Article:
Similarly, U.S. and foreign laws and regulations require insurance companies to maintain minimum levels of capital and liquidity. An insurance company’s failure to maintain these capital ratios may also trigger dividend restrictions, suspensions on payments of subordinated debt, and limitations on growth. Insurance regulators (at the state-level in the United States) have broad authority in these instances and can ultimately impose sanctions, including conservatorship or receivership, on such non-complying insurance companies even when these companies continue to be solvent, thereby possibly resulting in the elimination of shareholders’ equity. In addition, insurance regulators have extensive authority in some categories of insurance of approving premium levels and setting required levels of underwriting.

Companies engaged in stock brokerage, commodity brokerage, investment banking, investment management or related investment advisory services are closely tied economically to the securities and commodities markets and can suffer during a decline in either market. These companies also are subject to the regulatory environment and changes in regulations, pricing pressure, the availability of funds to borrow and interest rates.

Credit Risk. Credit risk is the risk that an issuer of a security will be unable or unwilling to make dividend, interest and principal payments when due and the related risk that the value of a security may decline because of concerns about the issuer’s ability to make such payments. Credit risk may be heightened for the Fund because the Fund may invest in “high yield” or “high risk” securities; such securities, while generally offering higher yields than investment grade securities with similar maturities, involve greater risks, including the possibility of default or bankruptcy, and are regarded as predominantly speculative with respect to the issuer’s capacity to pay dividends and interest and repay principal.

High Yield Securities Risk. Although high yield securities generally pay higher rates of interest than investment grade securities, high yield securities are high-risk investments that may cause income and principal losses for the Fund. High yield securities may be issued by less creditworthy issuers. Issuers of high yield securities may have a larger amount of outstanding debt relative to their assets than issuers of investment grade securities. In the event of an issuer’s bankruptcy, claims of other creditors may have priority over the claims of high yield bond holders, for example, leaving few or no assets available to repay high yield bond holders. Prices of high yield securities are subject to extreme price fluctuations. Adverse changes in an issuer’s industry and general economic conditions may have a greater impact on the prices of high yield securities than on other higher rated fixed-income securities. Issuers of high yield securities may be unable to meet their interest or principal payment obligations because of an economic downturn, specific issuer developments, or the unavailability of additional financing. High yield securities frequently have redemption features that permit an issuer to repurchase the security from the Fund before it matures. If the issuer redeems high yield securities, the Fund may have to invest the proceeds in securities with lower yields and may lose income. High yield securities may be less liquid than higher rated fixed-income securities, even under normal economic conditions. There may be significant differences in the prices quoted for high yield securities by dealers in the market. Because they are less liquid, judgment may play a greater role in valuing certain of the Fund’s securities than is the case with securities trading in a more liquid market. The Fund may incur expenses to the extent necessary to seek recovery upon default or to negotiate new terms with a defaulting issuer. The credit rating of a high yield security does not necessarily address its market value risk. Ratings and market value may change from time to time, positively or negatively, to reflect new developments regarding the issuer.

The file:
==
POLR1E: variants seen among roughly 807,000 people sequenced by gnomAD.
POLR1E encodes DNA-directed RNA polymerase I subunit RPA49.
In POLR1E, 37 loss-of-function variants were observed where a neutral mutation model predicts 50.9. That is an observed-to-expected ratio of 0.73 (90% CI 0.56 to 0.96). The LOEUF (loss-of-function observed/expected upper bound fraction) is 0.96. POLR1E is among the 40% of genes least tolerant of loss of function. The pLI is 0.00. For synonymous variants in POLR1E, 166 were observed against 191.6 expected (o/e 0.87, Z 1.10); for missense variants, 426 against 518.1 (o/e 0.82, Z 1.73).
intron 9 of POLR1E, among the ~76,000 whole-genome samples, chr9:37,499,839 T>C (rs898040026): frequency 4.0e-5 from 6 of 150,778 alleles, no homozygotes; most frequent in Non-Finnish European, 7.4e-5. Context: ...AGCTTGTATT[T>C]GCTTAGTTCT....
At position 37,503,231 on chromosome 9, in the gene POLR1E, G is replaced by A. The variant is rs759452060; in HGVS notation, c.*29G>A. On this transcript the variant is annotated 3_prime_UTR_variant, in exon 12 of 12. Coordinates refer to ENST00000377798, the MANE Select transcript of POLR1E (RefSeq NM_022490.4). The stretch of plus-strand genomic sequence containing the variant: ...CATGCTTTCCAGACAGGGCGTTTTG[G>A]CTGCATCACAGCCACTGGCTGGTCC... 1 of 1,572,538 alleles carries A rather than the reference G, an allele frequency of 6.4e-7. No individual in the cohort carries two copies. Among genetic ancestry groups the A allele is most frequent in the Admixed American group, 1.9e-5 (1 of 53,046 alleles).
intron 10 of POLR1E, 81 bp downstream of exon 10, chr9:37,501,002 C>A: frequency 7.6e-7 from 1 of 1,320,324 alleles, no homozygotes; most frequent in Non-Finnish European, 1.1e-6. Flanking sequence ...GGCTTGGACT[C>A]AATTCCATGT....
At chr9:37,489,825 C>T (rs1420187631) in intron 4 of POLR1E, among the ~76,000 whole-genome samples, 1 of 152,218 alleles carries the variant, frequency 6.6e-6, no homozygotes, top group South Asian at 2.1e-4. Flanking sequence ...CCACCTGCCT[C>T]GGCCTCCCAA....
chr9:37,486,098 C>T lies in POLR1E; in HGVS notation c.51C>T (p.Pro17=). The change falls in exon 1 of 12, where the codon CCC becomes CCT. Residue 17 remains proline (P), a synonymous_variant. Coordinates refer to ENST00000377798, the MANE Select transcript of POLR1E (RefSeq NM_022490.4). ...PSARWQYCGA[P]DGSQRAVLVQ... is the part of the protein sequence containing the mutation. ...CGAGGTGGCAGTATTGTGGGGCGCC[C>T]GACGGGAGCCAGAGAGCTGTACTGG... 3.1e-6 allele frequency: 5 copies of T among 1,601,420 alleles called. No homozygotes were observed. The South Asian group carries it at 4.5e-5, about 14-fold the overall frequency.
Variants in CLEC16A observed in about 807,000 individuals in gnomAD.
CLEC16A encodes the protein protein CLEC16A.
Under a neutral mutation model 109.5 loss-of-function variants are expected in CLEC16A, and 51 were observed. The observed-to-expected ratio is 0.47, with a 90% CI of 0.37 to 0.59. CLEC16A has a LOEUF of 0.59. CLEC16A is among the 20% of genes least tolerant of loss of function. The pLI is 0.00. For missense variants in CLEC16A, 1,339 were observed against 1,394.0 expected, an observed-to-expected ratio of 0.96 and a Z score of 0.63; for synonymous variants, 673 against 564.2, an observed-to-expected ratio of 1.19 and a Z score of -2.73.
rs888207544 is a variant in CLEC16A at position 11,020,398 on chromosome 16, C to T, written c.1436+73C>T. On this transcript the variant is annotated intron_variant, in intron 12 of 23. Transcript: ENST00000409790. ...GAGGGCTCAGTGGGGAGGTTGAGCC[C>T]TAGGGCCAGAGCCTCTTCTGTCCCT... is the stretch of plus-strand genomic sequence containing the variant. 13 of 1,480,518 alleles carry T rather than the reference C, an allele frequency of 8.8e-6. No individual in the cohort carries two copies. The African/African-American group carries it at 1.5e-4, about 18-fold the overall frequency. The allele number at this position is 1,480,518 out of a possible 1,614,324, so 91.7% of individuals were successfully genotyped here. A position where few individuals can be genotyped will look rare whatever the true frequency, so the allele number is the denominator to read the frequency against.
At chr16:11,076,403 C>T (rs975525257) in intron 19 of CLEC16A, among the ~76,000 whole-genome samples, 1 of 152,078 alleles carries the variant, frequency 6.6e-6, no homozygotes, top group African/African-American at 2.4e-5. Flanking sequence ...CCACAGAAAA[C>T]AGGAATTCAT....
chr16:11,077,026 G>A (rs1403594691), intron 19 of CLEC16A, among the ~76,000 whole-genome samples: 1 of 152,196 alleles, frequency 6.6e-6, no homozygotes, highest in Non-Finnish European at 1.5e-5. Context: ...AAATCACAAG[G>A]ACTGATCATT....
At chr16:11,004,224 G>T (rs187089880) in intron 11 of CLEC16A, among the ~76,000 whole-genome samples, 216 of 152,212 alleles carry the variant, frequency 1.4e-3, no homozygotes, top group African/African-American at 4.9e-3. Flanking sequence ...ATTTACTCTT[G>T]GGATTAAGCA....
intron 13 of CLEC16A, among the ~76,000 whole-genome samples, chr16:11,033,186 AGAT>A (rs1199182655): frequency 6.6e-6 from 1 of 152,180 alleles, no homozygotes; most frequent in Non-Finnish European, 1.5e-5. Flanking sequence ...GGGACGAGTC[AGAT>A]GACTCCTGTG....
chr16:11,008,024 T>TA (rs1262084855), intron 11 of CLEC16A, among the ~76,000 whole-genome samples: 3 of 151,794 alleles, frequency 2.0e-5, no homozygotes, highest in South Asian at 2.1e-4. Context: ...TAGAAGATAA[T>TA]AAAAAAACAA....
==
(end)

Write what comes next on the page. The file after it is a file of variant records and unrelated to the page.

Credit Agency Risk. Credit ratings are determined by credit rating agencies and are the opinions of such entities. A rating assigned by a rating agency is not an absolute standard of credit quality and does not evaluate a security’s market risk or liquidity. Any shortcomings or inefficiencies in credit rating agencies’ processes for determining credit ratings may adversely affect the credit ratings of securities held by the Fund and, as a result, may adversely affect those securities’ perceived or actual credit risk.